When I worked in a hospital, NPO was one of those abbreviations we used in patients charts. NPO comes from the Latin nil per os. In case your Latin is a little rusty, the translation is “nothing by mouth.” Patients in the hospital are often NPO the day or night before surgery. At times NPO is also necessary following a procedure or when patients are unconscious and unable to digest food. In these situations various types of feeding tubes are used until patients can eat on their own. Well, what if NPO wasn’t a temporary state? This had never occurred to me until earlier today.
I had a few minutes to spare and was killing time on Twitter. For some reason I was struck by a tweet from Perez Hilton which said “stay strong ROGER EBERT!!!.” I don’t know if it was the triple exclamation points or that I had no idea why Roger Ebert needed to stay strong but I clicked on the link. I then read the post “Nil by Mouth.” Mr Ebert explained that after a string of surgeries he was no longer able to eat, drink or talk. He had no reason to expect this to change…ever.
Mr Ebert doesn’t experience extreme hunger or thirst; he is getting nourishment via a feeding tube directly to his stomach. He admits he has had a series of food obsessions. Candy figures prominently in many cravings. Mr Ebert writes of a dream in which he had a package of Chuckles filled entirely with the black chuckles (though I don’t love candy, I always feel us black jelly bean or neco wafer people need to band together). Mr Ebert is now dependent on many of his food memories to satisfy him. He says many of his cravings have as much to do with fond associations and memories of a food than anything else. Mr Ebert’s writing seemed lighthearted recalling his food obsessions. His tone changed when he described what he misses most. “The food and the drink I can do without easily. The jokes, gossip, laughs, arguements and shared memories I miss.”
What Roger Ebert misses most is what we all should appreciate more. With so much written and debated about what to eat (guilty as charged), perhaps we’re all missing the boat. A popular term in the lexicon of nutrition is satiety. Experts endlessly debate what combination or portions of food will satisfy us. Maybe what’s meant to be ingested and savored is, as Mr Ebert says, the dining not the food.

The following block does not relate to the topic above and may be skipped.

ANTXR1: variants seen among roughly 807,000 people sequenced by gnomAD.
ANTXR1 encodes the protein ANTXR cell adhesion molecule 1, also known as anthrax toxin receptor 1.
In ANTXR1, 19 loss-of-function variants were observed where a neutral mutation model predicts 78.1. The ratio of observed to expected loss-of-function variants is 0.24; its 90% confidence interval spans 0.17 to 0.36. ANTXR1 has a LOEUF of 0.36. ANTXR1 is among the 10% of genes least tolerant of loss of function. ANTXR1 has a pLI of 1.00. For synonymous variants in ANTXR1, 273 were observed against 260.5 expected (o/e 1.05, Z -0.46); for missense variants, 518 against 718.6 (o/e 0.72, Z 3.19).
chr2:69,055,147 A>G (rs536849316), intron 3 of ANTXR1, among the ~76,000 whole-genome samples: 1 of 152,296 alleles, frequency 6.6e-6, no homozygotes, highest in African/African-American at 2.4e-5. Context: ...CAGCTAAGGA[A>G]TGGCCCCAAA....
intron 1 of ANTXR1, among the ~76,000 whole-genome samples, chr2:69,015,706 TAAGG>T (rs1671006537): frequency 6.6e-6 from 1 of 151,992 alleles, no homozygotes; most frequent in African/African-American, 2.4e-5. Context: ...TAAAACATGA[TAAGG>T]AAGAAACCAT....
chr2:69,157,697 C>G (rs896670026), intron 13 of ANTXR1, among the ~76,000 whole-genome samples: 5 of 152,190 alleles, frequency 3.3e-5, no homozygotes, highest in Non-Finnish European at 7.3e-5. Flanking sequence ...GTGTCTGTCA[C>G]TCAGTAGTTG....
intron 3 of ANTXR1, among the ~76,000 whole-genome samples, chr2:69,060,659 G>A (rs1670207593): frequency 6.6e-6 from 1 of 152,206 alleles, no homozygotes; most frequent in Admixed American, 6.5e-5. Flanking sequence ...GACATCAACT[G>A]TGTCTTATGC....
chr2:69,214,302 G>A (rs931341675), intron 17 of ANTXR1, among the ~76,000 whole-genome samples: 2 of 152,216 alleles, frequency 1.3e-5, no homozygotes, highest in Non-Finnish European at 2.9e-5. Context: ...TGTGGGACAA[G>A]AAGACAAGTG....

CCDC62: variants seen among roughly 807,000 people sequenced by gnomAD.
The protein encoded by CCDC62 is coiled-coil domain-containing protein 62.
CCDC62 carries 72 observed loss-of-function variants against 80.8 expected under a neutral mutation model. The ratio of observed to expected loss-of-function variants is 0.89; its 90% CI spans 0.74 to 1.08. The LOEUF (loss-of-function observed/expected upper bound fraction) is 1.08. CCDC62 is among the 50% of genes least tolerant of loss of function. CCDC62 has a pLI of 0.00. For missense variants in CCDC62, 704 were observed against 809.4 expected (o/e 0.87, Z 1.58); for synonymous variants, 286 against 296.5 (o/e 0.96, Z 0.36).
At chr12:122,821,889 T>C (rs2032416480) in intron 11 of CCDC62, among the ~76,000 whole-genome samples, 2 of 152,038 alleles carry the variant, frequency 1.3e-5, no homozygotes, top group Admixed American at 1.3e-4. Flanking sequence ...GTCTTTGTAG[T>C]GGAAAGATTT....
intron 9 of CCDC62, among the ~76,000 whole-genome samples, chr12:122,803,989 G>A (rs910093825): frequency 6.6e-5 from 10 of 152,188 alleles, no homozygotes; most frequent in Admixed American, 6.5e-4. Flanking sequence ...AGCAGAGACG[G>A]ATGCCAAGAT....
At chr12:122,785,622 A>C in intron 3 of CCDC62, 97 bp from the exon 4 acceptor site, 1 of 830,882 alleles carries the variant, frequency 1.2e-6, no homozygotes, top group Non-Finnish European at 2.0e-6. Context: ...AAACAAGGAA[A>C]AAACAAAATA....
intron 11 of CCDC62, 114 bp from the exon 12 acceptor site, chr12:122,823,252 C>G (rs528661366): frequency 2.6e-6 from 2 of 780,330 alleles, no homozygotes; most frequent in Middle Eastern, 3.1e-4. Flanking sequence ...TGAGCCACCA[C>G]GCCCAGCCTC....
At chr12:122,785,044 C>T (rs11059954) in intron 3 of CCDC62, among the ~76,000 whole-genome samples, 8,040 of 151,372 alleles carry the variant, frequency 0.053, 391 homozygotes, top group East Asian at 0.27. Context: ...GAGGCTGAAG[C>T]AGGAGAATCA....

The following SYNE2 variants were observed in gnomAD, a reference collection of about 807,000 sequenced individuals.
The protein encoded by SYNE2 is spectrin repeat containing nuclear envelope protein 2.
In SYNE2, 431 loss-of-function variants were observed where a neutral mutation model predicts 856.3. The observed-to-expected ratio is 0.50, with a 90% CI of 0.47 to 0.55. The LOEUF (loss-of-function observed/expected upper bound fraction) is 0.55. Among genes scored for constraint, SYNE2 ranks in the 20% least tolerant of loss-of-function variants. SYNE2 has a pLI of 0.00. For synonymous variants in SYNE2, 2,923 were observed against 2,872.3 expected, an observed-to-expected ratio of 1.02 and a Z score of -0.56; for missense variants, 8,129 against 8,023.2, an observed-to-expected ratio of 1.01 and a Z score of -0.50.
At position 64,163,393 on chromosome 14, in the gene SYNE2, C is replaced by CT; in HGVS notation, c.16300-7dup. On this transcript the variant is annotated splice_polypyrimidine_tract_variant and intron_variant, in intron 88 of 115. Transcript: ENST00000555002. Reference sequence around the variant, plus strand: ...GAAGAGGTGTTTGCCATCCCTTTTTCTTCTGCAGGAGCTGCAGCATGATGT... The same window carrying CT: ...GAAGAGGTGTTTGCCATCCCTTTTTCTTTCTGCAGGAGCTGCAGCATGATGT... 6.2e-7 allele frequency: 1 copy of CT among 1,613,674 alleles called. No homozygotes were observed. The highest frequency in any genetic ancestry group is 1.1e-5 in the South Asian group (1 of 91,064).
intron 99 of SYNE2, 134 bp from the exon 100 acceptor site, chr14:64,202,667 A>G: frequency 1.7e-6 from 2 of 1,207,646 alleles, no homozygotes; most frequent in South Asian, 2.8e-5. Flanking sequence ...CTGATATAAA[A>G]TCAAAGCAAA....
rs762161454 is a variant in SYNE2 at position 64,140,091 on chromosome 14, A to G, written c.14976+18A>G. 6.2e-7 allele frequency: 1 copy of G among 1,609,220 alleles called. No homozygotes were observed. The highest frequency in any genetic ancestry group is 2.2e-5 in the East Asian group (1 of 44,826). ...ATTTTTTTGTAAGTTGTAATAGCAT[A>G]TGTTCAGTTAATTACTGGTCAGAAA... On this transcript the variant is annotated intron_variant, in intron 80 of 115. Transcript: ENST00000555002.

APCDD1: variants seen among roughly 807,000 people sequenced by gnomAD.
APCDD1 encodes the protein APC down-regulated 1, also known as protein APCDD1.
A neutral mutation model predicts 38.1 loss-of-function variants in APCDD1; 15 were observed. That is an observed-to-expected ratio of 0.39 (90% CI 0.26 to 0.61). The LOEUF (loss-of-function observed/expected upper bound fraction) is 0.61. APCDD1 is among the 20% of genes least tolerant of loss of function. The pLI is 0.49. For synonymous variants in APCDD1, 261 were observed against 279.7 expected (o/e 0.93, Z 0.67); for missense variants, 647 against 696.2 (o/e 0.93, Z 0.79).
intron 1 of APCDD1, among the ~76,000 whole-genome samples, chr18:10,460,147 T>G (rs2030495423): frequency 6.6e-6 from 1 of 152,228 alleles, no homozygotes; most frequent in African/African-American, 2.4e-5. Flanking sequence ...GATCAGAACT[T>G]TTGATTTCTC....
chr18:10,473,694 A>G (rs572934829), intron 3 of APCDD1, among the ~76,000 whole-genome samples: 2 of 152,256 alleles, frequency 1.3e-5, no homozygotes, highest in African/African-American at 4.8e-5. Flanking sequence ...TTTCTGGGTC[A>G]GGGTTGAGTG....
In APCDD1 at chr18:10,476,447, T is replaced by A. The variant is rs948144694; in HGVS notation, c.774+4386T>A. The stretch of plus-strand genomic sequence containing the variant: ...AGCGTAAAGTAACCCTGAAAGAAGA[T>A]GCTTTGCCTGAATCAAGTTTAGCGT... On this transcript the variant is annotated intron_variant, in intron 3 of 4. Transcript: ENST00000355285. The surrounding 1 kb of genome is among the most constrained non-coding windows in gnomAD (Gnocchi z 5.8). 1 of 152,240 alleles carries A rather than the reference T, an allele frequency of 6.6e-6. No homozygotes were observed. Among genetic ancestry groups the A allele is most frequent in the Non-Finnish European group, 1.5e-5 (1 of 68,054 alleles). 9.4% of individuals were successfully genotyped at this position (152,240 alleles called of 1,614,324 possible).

What are your most memorable meals? I would love to hear about them. This weekend, try to share a meal with friends or family and please savor it.
One of my cousins told me yesterday that almost all of his memories of coming to visit us center around food. Sunday dinners with my grandparents were a mandatory, yet one we all looked forward to. Meals that were locally sourced and seasonal – my grandparents were firm believers in "local" long before anyone knew what that meant. But most importantly, it was a time where our entire (large) family gathered to talk, share, discuss and debate.
Children were not at a separate table, we joined the fray from day 1. Beside learning manners, we learned how to interact with people of all ages. We were expected to contribute to the conversation and encouraged question and listen. It was a time where anyone could walk in join – there was enough food for whatever unexpected guests may show up. What I learned during those afternoons was worth a lifetime of a formal education.
As for food, I will never forget my grandmother's pot roast or the bowls of fresh strawberries sitting out for the taking, peach cobbler in August, slices of watermelon on a hot summer night. There was no "clean your plate" mandatory, instead it was "just try it because you never know".
But I know the general feeling of contentment and happiness of these meals has far less to do with the food and far more with the environment and people that were a part of those days.